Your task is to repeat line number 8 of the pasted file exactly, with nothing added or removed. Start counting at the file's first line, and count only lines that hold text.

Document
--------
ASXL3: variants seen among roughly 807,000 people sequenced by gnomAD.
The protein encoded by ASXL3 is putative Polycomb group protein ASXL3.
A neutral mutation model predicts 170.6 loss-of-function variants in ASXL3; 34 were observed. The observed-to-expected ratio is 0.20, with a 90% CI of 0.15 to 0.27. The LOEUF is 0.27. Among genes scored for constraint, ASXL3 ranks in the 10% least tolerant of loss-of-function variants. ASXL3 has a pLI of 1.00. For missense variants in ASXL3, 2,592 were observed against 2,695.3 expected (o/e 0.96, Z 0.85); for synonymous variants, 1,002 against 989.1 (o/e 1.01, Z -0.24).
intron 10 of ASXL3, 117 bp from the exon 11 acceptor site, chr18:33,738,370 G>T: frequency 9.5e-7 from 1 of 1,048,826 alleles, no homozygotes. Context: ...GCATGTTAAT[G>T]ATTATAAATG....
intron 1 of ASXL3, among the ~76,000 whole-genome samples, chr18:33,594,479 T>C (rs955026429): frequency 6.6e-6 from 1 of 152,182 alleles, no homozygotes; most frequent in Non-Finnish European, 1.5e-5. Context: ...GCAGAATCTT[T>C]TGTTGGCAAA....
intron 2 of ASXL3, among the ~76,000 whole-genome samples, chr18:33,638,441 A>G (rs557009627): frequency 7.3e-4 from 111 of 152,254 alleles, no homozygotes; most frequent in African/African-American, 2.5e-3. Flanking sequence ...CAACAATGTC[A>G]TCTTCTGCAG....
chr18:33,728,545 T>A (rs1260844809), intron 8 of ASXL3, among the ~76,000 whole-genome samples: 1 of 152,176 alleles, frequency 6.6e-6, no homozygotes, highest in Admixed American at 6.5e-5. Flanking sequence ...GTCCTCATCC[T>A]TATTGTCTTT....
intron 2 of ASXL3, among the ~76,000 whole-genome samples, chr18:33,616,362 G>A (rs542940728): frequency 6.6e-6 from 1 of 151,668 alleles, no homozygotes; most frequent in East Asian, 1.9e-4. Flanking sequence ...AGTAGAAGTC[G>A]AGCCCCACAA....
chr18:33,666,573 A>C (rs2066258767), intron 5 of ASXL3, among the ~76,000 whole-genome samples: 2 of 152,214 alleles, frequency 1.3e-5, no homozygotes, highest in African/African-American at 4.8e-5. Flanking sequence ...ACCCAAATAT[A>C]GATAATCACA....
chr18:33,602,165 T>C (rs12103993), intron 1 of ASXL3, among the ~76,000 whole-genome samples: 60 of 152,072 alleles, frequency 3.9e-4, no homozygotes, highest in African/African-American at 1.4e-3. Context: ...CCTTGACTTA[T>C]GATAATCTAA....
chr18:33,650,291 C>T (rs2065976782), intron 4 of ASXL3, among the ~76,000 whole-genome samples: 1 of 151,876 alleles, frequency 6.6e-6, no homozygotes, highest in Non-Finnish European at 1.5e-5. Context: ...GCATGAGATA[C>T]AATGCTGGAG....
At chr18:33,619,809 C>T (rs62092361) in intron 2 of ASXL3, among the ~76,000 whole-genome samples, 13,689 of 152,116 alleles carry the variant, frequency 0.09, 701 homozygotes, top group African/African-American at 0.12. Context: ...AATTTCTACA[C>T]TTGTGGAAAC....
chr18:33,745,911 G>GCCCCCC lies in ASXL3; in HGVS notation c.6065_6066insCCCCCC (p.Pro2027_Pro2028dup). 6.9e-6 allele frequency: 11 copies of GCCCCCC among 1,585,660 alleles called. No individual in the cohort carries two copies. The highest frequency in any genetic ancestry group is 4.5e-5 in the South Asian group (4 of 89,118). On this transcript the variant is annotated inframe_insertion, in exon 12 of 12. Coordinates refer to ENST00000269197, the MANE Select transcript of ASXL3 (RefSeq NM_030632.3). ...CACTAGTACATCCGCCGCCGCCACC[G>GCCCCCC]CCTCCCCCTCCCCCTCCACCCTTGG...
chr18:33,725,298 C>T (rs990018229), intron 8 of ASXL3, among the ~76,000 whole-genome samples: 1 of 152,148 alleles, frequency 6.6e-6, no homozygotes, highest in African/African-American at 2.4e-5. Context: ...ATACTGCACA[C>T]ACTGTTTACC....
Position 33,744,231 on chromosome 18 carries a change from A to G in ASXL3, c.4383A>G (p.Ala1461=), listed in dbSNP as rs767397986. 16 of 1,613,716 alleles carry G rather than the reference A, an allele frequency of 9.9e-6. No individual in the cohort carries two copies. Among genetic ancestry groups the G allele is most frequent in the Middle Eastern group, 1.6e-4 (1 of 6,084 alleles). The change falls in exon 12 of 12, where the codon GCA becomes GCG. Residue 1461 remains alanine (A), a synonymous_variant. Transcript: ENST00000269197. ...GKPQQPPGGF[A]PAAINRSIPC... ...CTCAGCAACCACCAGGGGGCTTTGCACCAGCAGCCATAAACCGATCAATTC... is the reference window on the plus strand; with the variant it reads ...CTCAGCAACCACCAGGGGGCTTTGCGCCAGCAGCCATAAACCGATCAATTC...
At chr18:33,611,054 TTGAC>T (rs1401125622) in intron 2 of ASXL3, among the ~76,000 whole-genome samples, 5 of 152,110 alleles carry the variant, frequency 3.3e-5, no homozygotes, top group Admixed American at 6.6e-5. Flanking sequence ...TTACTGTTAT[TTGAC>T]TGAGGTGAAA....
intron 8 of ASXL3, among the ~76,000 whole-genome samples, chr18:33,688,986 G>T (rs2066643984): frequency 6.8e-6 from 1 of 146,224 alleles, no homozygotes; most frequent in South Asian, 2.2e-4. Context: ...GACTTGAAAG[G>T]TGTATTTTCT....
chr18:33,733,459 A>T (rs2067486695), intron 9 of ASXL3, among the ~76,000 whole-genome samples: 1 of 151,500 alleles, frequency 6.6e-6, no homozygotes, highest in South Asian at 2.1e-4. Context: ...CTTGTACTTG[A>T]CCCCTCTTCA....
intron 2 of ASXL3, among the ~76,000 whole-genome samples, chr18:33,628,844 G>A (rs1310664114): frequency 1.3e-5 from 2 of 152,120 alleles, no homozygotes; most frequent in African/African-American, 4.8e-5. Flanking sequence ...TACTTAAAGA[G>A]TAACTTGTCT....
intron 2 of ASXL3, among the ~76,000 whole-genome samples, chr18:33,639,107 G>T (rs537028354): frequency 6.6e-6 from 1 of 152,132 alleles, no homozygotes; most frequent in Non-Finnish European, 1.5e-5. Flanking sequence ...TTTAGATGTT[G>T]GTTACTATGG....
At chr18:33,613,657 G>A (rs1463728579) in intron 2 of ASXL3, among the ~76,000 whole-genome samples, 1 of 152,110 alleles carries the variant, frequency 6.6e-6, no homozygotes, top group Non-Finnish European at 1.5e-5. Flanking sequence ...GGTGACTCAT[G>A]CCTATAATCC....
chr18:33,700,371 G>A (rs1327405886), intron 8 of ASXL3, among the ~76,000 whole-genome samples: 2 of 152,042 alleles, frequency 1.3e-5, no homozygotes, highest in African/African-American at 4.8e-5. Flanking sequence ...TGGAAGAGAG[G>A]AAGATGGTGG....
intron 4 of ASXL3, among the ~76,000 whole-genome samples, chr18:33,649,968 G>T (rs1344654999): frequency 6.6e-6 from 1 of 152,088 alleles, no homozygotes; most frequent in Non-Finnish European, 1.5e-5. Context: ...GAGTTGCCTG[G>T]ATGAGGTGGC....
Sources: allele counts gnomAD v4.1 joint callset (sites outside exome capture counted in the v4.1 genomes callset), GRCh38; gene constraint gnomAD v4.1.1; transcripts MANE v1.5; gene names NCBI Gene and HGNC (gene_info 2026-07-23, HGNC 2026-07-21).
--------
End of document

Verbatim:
intron 2 of ASXL3, among the ~76,000 whole-genome samples, chr18:33,616,362 G>A (rs542940728): frequency 6.6e-6 from 1 of 151,668 alleles, no homozygotes; most frequent in East Asian, 1.9e-4. Flanking sequence ...AGTAGAAGTC[G>A]AGCCCCACAA....